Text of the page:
G-77 Gallery's Vision of Contemporary Japan

G-77 Gallery was founded by Andrei Mikhilov in St. Petersburg Russia. Mikhilov had a longstanding interest in Japanese art – a country that he had lived in for 10 years – and when he opened G-77 it was one of the first galleries in Russia to represent contemporary international artists with a particular focus on Japan. After several years of success in Russia, in 2011, Mikhilov decided to relocate the gallery to Japan, eventually opening up his current space in Kyoto City Center in 2014.

Hiroko Tsuchida, "BLEND - push beyond one’s limit," 2017, Plastic muddler, rubber coating wire, stainless steel, lacquer paint, 25.5 x 19 x 17.7 inches, Courtesy G-77 Gallery

Mikhilov was drawn to If So, What? because of founder Sho-Joung Kim-Wechsler’s vision for the fair, as well as an interest in having an opportunity to exhibit in San Francisco for the first time. G-77’s booth at ISW will feature contemporary Japanese female artists, including Hiroko Tsuchida, Hiroko Shiina, and Kaoru Yamamoto, who Mikhilov says, “represent the Japanese contemporary art scene at its best.” The works will offer viewers insight into some of the most dynamic work coming out of Japan today.

Hiroko Tsuchida creates dramatic works that move between design and contemporary art. She works with metal, as well as found everyday objects, including pins, bells, band aids, whistles, scissors, and other ready-made objects, transforming them into conceptual tools for self-expression. Among the works that G-77 will exhibit at If So, What?  is BLEND~push beyond one’s limit (2016), a black swan made of 6,163 plastic muddlers – an item most commonly used by bartenders. The work responds to scholar Nassim N. Taleb’s “Black Swan” theory, a metaphor that describes an event that comes as a surprise and has a major effect on history, which is then rationalized inappropriately due to the benefit of hindsight. Tsuchida’s work uses this as a jumping off point, exploring the way in which an artist should always be ready to challenge conventional logic. The work itself is a metaphor, representing Tsuchida’s desire to spread her wings and transcend the limits of her current knowledge.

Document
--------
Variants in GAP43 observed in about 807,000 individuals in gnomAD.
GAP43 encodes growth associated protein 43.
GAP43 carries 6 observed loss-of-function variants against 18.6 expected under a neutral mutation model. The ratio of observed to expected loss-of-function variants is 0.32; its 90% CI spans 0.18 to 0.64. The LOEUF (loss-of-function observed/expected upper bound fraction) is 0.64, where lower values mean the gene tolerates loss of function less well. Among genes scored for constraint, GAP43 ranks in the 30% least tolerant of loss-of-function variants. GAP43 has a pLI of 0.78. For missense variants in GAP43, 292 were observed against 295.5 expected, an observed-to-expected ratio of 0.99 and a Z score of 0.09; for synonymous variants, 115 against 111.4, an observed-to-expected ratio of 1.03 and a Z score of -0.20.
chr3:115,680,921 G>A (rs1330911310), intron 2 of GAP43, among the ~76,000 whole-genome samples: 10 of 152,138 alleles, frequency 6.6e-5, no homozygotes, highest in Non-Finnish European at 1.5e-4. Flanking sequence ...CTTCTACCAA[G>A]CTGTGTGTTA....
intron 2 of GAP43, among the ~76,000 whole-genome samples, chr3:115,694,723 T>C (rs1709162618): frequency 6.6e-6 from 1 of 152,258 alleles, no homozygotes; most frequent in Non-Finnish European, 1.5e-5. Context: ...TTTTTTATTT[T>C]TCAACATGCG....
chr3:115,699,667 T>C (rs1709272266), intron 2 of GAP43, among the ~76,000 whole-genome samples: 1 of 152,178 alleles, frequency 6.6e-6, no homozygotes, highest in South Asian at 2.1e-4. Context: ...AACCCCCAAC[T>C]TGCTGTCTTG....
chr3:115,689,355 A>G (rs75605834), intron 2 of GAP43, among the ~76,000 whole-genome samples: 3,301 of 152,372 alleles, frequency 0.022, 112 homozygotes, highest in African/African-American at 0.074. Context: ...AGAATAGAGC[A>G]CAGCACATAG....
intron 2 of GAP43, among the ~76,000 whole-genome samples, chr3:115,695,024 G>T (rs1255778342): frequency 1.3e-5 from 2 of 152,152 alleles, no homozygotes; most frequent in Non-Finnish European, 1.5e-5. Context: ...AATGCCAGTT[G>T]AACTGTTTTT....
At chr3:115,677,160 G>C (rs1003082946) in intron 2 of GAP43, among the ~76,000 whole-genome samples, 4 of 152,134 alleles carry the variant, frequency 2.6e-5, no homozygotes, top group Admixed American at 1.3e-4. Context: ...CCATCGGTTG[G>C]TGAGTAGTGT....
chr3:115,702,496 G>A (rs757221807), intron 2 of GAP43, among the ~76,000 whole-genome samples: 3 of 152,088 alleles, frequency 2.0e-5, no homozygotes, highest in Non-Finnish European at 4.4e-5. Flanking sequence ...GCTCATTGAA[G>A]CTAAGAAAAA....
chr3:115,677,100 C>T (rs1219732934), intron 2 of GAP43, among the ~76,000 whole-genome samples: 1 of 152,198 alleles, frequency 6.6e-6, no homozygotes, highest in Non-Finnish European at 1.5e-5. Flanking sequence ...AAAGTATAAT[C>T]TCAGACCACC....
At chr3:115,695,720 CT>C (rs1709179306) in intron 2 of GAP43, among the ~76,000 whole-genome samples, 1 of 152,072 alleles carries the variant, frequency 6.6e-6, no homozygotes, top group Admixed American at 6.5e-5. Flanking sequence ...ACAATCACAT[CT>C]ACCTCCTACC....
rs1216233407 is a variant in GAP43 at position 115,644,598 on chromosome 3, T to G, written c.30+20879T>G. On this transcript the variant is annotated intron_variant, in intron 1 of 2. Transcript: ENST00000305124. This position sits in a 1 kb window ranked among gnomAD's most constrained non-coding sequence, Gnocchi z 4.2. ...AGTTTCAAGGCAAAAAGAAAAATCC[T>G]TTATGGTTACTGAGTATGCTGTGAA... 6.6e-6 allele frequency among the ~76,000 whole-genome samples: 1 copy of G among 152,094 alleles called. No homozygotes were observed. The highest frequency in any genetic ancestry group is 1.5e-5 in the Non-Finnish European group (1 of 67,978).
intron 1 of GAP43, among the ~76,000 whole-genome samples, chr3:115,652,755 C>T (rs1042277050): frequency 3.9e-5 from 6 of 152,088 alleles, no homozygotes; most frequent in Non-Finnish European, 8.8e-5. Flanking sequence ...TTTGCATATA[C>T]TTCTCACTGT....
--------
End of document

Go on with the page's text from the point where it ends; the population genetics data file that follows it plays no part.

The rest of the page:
Hiroko Shiina, Black Box - Consolation, 2017, Ink, coffee, coloured pencil, paper on wooden panel, 46 x 28.7 inches, Courtesy G-77 Gallery

Also on view will be works by Kaoru Yamamoto, a multimedia artist who creates digital images that model the motion of traditional Japanese painting. G-77 will exhibit five scenes from Yamamoto’s work Lovers 100. The work features 100 animated clips in motion that depict a couple in love, journeying through Osaka and coming upon various famous landmarks from the city. The work is boundless, mirroring Yamamoto’s notion of love. The 100 individual scenes are stitched together seemingly at random, with no discernable central scene. The work draws on a Japanese pop aesthetic, using digital animations and emoji-like graphics to convey the emotion of the piece.

Finally, G-77 will present Hiroko Shiina’s gorgeous and disturbing Black Box – Consolation (2017), which explores the archetypal sexual allure and mystery of the female. Drawing on the centuries-old Japanese tradition of depicting small details, Shiina provides her personal investigation into the hidden psychology of the female. Through the work she opens a Black Box, which leads her to a parallel, mysterious world. Here, the borders between reality, memory, dream, fear, and pleasure are blurred. Viewers are invited to view the work like voyeurs, navigating their understanding of Shiina’s world throufh delicately depicted small details.

Visitors to If So, What? will get to experience works by Tsuchida, Yamamoto, and Shiina, among other contemporary Japanese artists, and learn about current trends among Japanese artists working today.